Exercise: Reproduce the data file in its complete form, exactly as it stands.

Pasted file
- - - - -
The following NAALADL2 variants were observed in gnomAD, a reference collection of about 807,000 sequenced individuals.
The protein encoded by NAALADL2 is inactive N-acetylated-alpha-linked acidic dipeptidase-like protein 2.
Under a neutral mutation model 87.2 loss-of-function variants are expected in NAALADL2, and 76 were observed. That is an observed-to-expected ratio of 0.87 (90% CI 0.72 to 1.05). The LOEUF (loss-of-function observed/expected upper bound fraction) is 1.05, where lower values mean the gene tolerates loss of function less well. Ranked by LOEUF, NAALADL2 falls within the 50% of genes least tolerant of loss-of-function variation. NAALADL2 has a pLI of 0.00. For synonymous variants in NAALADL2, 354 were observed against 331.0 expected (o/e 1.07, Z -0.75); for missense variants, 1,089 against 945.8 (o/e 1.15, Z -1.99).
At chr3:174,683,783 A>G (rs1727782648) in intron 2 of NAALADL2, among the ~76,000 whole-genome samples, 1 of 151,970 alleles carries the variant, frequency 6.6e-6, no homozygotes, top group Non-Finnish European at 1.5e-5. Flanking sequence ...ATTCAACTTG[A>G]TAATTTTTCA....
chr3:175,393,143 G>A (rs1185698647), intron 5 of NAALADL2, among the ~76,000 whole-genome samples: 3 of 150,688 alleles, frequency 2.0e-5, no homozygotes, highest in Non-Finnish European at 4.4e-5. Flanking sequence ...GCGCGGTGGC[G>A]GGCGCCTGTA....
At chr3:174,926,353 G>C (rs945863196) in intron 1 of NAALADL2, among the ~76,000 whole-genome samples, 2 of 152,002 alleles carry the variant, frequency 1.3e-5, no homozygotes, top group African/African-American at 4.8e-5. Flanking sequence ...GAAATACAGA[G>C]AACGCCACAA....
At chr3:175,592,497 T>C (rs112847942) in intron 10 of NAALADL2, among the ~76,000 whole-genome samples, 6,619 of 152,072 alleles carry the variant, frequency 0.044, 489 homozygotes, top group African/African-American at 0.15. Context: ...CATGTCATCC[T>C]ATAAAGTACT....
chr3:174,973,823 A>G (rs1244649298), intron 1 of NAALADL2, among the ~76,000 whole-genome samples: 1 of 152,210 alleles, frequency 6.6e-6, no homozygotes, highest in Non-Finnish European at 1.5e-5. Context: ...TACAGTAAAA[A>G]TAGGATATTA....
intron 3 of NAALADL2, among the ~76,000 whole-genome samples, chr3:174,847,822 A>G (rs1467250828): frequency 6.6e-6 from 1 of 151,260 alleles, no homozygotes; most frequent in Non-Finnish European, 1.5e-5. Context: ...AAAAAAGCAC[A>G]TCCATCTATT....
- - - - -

The following NAALADL2 variants were observed in gnomAD, a reference collection of about 807,000 sequenced individuals.
The protein encoded by NAALADL2 is inactive N-acetylated-alpha-linked acidic dipeptidase-like protein 2.
Under a neutral mutation model 87.2 loss-of-function variants are expected in NAALADL2, and 76 were observed. That is an observed-to-expected ratio of 0.87 (90% CI 0.72 to 1.05). The LOEUF (loss-of-function observed/expected upper bound fraction) is 1.05, where lower values mean the gene tolerates loss of function less well. Ranked by LOEUF, NAALADL2 falls within the 50% of genes least tolerant of loss-of-function variation. NAALADL2 has a pLI of 0.00. For synonymous variants in NAALADL2, 354 were observed against 331.0 expected (o/e 1.07, Z -0.75); for missense variants, 1,089 against 945.8 (o/e 1.15, Z -1.99).
At chr3:174,683,783 A>G (rs1727782648) in intron 2 of NAALADL2, among the ~76,000 whole-genome samples, 1 of 151,970 alleles carries the variant, frequency 6.6e-6, no homozygotes, top group Non-Finnish European at 1.5e-5. Flanking sequence ...ATTCAACTTG[A>G]TAATTTTTCA....
chr3:175,393,143 G>A (rs1185698647), intron 5 of NAALADL2, among the ~76,000 whole-genome samples: 3 of 150,688 alleles, frequency 2.0e-5, no homozygotes, highest in Non-Finnish European at 4.4e-5. Flanking sequence ...GCGCGGTGGC[G>A]GGCGCCTGTA....
At chr3:174,926,353 G>C (rs945863196) in intron 1 of NAALADL2, among the ~76,000 whole-genome samples, 2 of 152,002 alleles carry the variant, frequency 1.3e-5, no homozygotes, top group African/African-American at 4.8e-5. Flanking sequence ...GAAATACAGA[G>C]AACGCCACAA....
At chr3:175,592,497 T>C (rs112847942) in intron 10 of NAALADL2, among the ~76,000 whole-genome samples, 6,619 of 152,072 alleles carry the variant, frequency 0.044, 489 homozygotes, top group African/African-American at 0.15. Context: ...CATGTCATCC[T>C]ATAAAGTACT....
chr3:174,973,823 A>G (rs1244649298), intron 1 of NAALADL2, among the ~76,000 whole-genome samples: 1 of 152,210 alleles, frequency 6.6e-6, no homozygotes, highest in Non-Finnish European at 1.5e-5. Context: ...TACAGTAAAA[A>G]TAGGATATTA....
intron 3 of NAALADL2, among the ~76,000 whole-genome samples, chr3:174,847,822 A>G (rs1467250828): frequency 6.6e-6 from 1 of 151,260 alleles, no homozygotes; most frequent in Non-Finnish European, 1.5e-5. Context: ...AAAAAAGCAC[A>G]TCCATCTATT....